The rising number of Caesarean births, episiotomies and other invasive and often-unnecessary medical interventions are just a few of the many reasons why more and more women are turning to nurse-midwives for care before, during and after pregnancy. Expectant mothers searching for a more holistic approach to pregnancy, labor and delivery, are turning their attention to nurse-midwives, whose patient-focused philosophy is increasingly favored over traditional OB-GYN care.
Today’s nurse-midwives, although often thought of for their maternal care, are licensed independent healthcare providers for women, providing comprehensive gynecological care throughout a woman’s lifespan. Many nurse-midwives also provide care to newborns during the first 28 days of their lives.
According to the American College of Nurse-Midwives, as of 2015, there were 447 nurse-midwives and certified midwives working in Georgia. In 2018, approximately 11-13.69% of births in Georgia were attended by midwives, according to the U.S. Department of Health & Human Services, Centers for Disease Control and Prevention and the National Center for Health Statistics.
The Georgia Board of Nursing recognizes certified nurse-midwives as advanced practice registered nurses (APRNs) capable of independently managing women’s healthcare, focusing on pregnancy, childbirth, the postpartum period, care of the newborn, family planning and the gynecological needs of women.
Steps to Becoming a Nurse-Midwife in Georgia
Registered nurses (RNs) in Georgia interested in becoming certified nurse-midwives (CNMs) must meet specific education, experience, and examination requirements to achieve an APRN license through the Georgia Board of Nursing:
|Earn a Qualifying Degree in Nurse Midwifery|
|Take and Pass the National Certification Examinations|
|Apply for APRN Authority through the Georgia Board of Nursing|
|Now That You’re a Nurse-Midwife in Georgia|
Step 1. Earn a Qualifying Degree in Nurse Midwifery
Before practicing as a Certified Nurse Midwife (CNM) in Georgia, RNs must qualify for the CNM designation and APRN licensure through the Georgia Board of Nursing, both of which require a master’s degree or other post-graduate degree.
RNs may attend online or campus-based schools that offer MSN programs with a focus on nurse-midwifery or a dual focus on nurse-midwifery/women’s health.
Master’s Degree Programs in Nurse-Midwifery and Nurse-Midwifery/Women’s Health
RNs seeking APRN authorization as a nurse-midwife in Georgia must complete an MSN program accredited by the Accreditation Commission for Midwifery Education (ACME).
Currently, Georgia is home to just one midwifery education program, located in Atlanta. However, thanks to the many online programs available to RNs seeking graduate-level study to become APRNs, earning a master’s degree in nurse-midwifery has never been easier.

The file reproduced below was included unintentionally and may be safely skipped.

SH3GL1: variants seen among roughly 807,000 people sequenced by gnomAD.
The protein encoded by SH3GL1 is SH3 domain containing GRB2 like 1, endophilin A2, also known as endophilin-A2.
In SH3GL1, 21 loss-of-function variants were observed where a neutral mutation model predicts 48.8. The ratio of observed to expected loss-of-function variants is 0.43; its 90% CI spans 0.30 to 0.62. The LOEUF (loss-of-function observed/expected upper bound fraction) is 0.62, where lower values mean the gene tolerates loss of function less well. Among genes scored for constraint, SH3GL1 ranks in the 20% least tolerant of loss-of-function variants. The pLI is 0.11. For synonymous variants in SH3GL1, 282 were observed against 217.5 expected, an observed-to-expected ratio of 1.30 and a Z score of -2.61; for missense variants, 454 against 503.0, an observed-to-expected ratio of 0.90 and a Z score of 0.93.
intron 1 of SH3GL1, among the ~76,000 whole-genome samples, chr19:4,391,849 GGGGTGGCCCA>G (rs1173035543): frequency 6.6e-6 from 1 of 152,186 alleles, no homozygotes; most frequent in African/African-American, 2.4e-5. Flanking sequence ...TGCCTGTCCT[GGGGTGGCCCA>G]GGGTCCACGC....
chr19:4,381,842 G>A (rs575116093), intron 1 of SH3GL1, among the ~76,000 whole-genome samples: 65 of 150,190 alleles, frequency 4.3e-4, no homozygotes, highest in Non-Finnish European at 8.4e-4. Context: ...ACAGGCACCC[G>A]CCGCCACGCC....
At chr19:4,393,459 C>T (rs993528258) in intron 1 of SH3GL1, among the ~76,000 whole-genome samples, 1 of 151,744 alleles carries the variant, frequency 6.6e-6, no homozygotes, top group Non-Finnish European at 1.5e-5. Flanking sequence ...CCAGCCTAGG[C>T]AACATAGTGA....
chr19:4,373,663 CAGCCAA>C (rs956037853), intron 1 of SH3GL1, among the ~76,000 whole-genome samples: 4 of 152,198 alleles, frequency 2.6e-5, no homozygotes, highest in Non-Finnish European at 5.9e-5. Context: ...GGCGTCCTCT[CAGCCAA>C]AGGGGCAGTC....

MSN degrees in nurse-midwifery and nurse-midwifery/women’s health provides RNs with advanced education in antepartum, intrapartum, postpartum, family planning and other selected aspects of well-women’s healthcare. Graduates of these programs earn eligibility to take the certification examination offered through the American Midwifery Certification Board.
Graduates of nurse-midwifery/women’s health dual focus MSN programs earn eligibility to also take the Women’s Health Care Nurse Practitioner (WHNP) examination through the National Certification Corporation.
Master’s programs are designed in one of a number of different ways, each designed to cater to an RN’s current level of education. Admission requirements differ accordingly, for example:
- Master of Science in Nursing (MSN) degrees are designed for RNs who possess a bachelor’s degree
- RN-to-MSN programs are designed for RNs who currently hold an associate’s degree in nursing
- Post-graduate APRN certificates for current APRNs seeking to become CNMs
To qualify for an MSN program in nurse-midwifery, RNs typically possess:
- A Bachelor of Science in Nursing (BSN)
- Current RN license
- Minimum undergraduate GPA
- Minimum GRE scores
- Letters of recommendation
- Admission essay or letter of intent
MSN programs are usually two years in duration, with part-time programs running about three years. These programs consist of two components: classroom study and clinical practice.
Nurse-midwifery programs are competency-based, with a focus on the nurse-midwifery management process in women’s health and primary care throughout the lifespan.
Program content includes core coursework in areas such as:
- Health assessment
MSN programs in nurse-midwifery encompass up to 1,000 hours of clinical experience, which provides students with the opportunity to receive practical experience in all aspects of the midwifery practice. Campus-based programs usually include nearby clinical practice sites. Online programs often partner with clinical sites throughout the country, which allow students to choose sites located in a reasonable proximity to their home.
Clinical sites in Georgia may include:
- Eastside Medical Center, Snellville
- Emory Johns Creek Hospital, Johns Creek
- Emory University Hospital Midtown, Atlanta
- Northeast Georgia Medical Center, Gainesville
- Southern Regional Medical Center, Riverdale
Step 2. Take and Pass the National Certification Examinations
RNs who have successfully graduated from an MSN program focused on nurse-midwifery are eligible to take the AMCB certification examination through the American Midwifery Certification Board.
RNs who have successfully graduated from an MSN program dually focused on nurse-midwifery/women’s health are eligible to take the AMCB certification examination, as well as the Women’s Health Care Nurse Practitioner (WHNP) examination through the National Certification Corporation.